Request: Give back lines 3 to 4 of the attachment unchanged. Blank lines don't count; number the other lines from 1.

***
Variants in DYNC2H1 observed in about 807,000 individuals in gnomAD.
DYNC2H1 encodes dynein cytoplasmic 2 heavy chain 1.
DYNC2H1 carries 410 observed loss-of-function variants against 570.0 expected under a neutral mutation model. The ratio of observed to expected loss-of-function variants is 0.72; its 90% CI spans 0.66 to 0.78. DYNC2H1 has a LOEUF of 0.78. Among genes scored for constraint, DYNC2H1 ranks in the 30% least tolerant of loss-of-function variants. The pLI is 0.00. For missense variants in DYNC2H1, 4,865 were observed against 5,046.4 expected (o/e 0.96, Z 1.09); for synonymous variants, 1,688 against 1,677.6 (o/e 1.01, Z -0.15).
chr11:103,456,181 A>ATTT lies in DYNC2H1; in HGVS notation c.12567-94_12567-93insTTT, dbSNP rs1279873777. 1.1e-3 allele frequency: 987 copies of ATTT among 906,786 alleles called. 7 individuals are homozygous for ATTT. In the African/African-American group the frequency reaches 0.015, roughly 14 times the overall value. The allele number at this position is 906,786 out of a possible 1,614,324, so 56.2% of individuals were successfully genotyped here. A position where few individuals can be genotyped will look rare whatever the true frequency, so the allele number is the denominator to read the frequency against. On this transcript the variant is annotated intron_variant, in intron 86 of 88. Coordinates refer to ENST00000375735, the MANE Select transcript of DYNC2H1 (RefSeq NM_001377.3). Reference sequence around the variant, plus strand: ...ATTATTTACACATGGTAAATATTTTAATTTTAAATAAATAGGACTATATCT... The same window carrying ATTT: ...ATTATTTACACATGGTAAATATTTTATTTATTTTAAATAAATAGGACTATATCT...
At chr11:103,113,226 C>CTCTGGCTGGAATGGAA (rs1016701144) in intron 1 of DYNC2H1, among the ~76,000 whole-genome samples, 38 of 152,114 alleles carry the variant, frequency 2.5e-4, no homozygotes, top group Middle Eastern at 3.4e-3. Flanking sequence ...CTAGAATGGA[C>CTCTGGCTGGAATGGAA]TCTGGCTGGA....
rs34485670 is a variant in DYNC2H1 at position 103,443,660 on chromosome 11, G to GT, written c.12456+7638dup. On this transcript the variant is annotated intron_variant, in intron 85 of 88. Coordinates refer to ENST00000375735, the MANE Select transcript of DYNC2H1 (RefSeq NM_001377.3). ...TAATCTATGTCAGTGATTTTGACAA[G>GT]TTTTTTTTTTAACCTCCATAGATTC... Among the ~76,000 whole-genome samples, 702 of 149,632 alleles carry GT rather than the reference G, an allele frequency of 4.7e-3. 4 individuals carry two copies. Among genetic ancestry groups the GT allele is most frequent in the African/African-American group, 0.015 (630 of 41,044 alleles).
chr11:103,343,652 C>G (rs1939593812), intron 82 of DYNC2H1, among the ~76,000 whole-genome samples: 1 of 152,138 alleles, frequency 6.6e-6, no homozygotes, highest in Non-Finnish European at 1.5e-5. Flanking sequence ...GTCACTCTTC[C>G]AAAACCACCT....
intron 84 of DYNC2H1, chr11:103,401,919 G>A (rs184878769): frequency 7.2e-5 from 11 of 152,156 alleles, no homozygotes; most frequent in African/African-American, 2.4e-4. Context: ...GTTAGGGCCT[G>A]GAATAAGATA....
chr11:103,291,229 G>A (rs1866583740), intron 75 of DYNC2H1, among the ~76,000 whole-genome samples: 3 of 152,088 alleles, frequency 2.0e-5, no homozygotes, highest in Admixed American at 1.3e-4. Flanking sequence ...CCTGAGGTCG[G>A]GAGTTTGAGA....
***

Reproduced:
DYNC2H1 carries 410 observed loss-of-function variants against 570.0 expected under a neutral mutation model. The ratio of observed to expected loss-of-function variants is 0.72; its 90% CI spans 0.66 to 0.78. DYNC2H1 has a LOEUF of 0.78. Among genes scored for constraint, DYNC2H1 ranks in the 30% least tolerant of loss-of-function variants. The pLI is 0.00. For missense variants in DYNC2H1, 4,865 were observed against 5,046.4 expected (o/e 0.96, Z 1.09); for synonymous variants, 1,688 against 1,677.6 (o/e 1.01, Z -0.15).
chr11:103,456,181 A>ATTT lies in DYNC2H1; in HGVS notation c.12567-94_12567-93insTTT, dbSNP rs1279873777. 1.1e-3 allele frequency: 987 copies of ATTT among 906,786 alleles called. 7 individuals are homozygous for ATTT. In the African/African-American group the frequency reaches 0.015, roughly 14 times the overall value. The allele number at this position is 906,786 out of a possible 1,614,324, so 56.2% of individuals were successfully genotyped here. A position where few individuals can be genotyped will look rare whatever the true frequency, so the allele number is the denominator to read the frequency against. On this transcript the variant is annotated intron_variant, in intron 86 of 88. Coordinates refer to ENST00000375735, the MANE Select transcript of DYNC2H1 (RefSeq NM_001377.3). Reference sequence around the variant, plus strand: ...ATTATTTACACATGGTAAATATTTTAATTTTAAATAAATAGGACTATATCT... The same window carrying ATTT: ...ATTATTTACACATGGTAAATATTTTATTTATTTTAAATAAATAGGACTATATCT...